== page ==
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Show-Me State Games commissioners enjoy camaraderie of competition

Saturday, July 24, 2010 | 8:19 p.m. CDT

COLUMBIA — Jim Larue remembers deciding one year, even though there couldn’t be competition, there would still be a winner.

As commissioner for tennis in the Show-Me State Games, Larue was in charge of making sure the weekend competition ran smoothly. With days of rain preventing the tennis players from competing, he decided to flip coins to determine winners, ending the weekend on a light note. He doesn’t remember what year this happened, perhaps because he has been a commissioner for 24 years.

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There is at least one commissioner for each of the 40 sports in this year's Show-Me State Games, which end Sunday. They request the space, equipment and volunteers needed for each event as well as organize brackets, determine competition times, and coordinate with participants. The position is normally held by a person active in the sport. Besides running the games, commissioners build relationships with competitors.

Larue said he finds the position enjoyable because he gets to connect with people from all around Missouri. He has seen multiple generations of tennis players compete in the Show-Me State Games and looks forward to seeing familiar faces. Many of the competitors that travel to Columbia for the games are a special type of once-a-year friend.

“A couple from Grain Valley came to compete every year and when their children were old enough, they played too. Now, their children are out of college, and I’m sure in a couple of years, I’ll be seeing their grandchildren play,” Larue said.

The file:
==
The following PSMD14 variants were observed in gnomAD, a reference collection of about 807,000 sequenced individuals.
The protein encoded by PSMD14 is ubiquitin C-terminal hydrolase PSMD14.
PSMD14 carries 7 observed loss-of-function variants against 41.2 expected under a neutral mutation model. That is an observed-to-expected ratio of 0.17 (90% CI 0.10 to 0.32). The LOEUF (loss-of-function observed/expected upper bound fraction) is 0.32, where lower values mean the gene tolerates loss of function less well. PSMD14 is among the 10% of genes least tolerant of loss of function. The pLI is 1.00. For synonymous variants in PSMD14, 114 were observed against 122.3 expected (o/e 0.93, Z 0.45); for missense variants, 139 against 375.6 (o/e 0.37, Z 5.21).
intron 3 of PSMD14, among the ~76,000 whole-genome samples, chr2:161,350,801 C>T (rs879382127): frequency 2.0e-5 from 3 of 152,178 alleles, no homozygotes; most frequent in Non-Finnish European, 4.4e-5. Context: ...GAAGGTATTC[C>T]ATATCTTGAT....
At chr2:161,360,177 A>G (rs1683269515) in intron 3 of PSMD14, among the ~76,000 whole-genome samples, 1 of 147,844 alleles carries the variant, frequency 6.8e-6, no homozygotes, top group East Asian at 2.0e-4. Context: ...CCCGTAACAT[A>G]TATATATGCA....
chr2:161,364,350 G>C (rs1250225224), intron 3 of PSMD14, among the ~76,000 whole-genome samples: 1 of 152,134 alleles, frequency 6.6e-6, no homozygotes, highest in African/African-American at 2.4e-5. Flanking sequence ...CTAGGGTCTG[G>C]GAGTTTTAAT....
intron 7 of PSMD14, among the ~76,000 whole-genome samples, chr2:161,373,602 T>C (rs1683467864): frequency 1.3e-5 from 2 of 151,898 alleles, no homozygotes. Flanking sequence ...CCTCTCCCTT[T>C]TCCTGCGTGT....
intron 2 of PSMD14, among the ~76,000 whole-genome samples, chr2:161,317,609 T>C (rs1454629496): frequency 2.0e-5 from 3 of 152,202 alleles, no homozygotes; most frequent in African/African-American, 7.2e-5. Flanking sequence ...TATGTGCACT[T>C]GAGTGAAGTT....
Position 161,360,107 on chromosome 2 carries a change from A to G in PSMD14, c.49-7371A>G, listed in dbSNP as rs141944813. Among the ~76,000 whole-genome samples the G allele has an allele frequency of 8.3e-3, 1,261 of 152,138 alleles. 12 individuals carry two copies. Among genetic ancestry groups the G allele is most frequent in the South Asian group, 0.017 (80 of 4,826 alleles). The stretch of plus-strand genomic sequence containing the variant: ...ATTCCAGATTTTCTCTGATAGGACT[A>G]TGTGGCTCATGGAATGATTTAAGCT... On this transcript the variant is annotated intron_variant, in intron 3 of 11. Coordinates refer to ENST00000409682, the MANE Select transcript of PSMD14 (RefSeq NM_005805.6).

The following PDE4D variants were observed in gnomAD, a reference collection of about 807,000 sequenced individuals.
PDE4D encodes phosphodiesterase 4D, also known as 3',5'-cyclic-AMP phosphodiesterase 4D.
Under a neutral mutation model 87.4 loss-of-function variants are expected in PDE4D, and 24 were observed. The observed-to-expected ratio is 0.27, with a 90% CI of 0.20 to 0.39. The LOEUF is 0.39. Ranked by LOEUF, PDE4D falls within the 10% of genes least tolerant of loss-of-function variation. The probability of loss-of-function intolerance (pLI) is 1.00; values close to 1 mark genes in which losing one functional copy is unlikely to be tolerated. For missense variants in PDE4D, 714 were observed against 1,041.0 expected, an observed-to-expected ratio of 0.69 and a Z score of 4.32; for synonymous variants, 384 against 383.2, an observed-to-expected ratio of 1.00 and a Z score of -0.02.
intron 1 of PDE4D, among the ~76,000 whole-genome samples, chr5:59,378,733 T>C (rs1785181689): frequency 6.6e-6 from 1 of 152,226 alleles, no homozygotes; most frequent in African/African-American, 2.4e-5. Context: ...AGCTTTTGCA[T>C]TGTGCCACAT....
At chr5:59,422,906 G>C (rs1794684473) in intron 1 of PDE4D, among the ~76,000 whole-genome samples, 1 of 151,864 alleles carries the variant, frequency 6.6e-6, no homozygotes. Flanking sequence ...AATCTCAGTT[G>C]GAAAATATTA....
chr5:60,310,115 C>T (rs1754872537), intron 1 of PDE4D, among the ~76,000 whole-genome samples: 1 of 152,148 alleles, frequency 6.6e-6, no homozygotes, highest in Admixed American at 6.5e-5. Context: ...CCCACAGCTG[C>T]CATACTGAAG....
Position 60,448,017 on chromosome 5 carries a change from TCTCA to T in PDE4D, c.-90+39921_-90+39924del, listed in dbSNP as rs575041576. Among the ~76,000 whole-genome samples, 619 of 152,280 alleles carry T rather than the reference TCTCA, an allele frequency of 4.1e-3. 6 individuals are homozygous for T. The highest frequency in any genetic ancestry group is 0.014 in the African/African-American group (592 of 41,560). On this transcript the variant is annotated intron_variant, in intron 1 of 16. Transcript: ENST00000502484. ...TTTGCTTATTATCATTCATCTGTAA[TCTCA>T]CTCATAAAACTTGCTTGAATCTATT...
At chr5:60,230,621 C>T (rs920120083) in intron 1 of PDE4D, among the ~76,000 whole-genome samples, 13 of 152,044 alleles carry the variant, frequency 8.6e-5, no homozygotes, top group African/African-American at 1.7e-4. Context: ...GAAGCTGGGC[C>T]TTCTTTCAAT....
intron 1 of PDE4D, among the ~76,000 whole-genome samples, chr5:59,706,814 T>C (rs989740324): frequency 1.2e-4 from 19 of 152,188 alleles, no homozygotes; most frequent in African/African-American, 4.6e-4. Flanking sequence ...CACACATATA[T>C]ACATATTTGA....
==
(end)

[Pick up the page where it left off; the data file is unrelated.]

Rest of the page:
“Competitors come all the way from the bootheel to the northwest corner of the state,” said Joe Garcia, the commissioner for powerlifting for more than 15 years, about the competitors he oversees. “This year was a really great one. Everything went fast and smooth and we even got a thank-you note.”

Each day as commissioner starts at 7 a.m and is a madhouse, Garcia said. He works until 4 p.m. without much of a break. He describes the weekend as “fast and furious.”

“It’s a panicked pace the whole day, but I do look forward to it.” he said.

For other commissioners, the games are much more relaxed.

Kathy Sanford, owner of Show-Me Gymnastics is in her second year as gymnastics commissioner and plans to do it as long as she’s happy in the job.

“I have a ball doing it,“ Sanford said. “The environment is really fun and very relaxed.”

Sanford has the opportunity to reconnect with people who have been away from the sport for several years and have decided to come back because the Show-Me Games are open to most anyone who wants to compete.

“This year we have a 26-year-old mother of one,” Sanford said. "When you get out of it competitively, there is usually not a place to compete after. It’s great to see so many people come out just for the love of the sport.”

William Todd, 23, remembers when as a child he would help out his father Dan Todd run the table tennis competition for the Show-Me State Games. Eventually, William Todd briefly became a commissioner himself.

“My dad would give me 20 bucks to help him as commissioner, which seemed like a lot of money when I was 8 and 9 years old,” William Todd said. “It was really a great time.”

Dan Todd, who was a commissioner for the Show-Me State Games from 1986 to 2006, said he doesn’t miss the administrative aspects of organizing the event, but rather the people he met and spent time with during that period. After each Saturday of the event, Dan Todd would go out to dinner and talk with many of the out-of-town table tennis players.

“It was like a family atmosphere, we were all in it together,” Dan Todd said. “The level of the competitor didn’t matter, we were all friends.”


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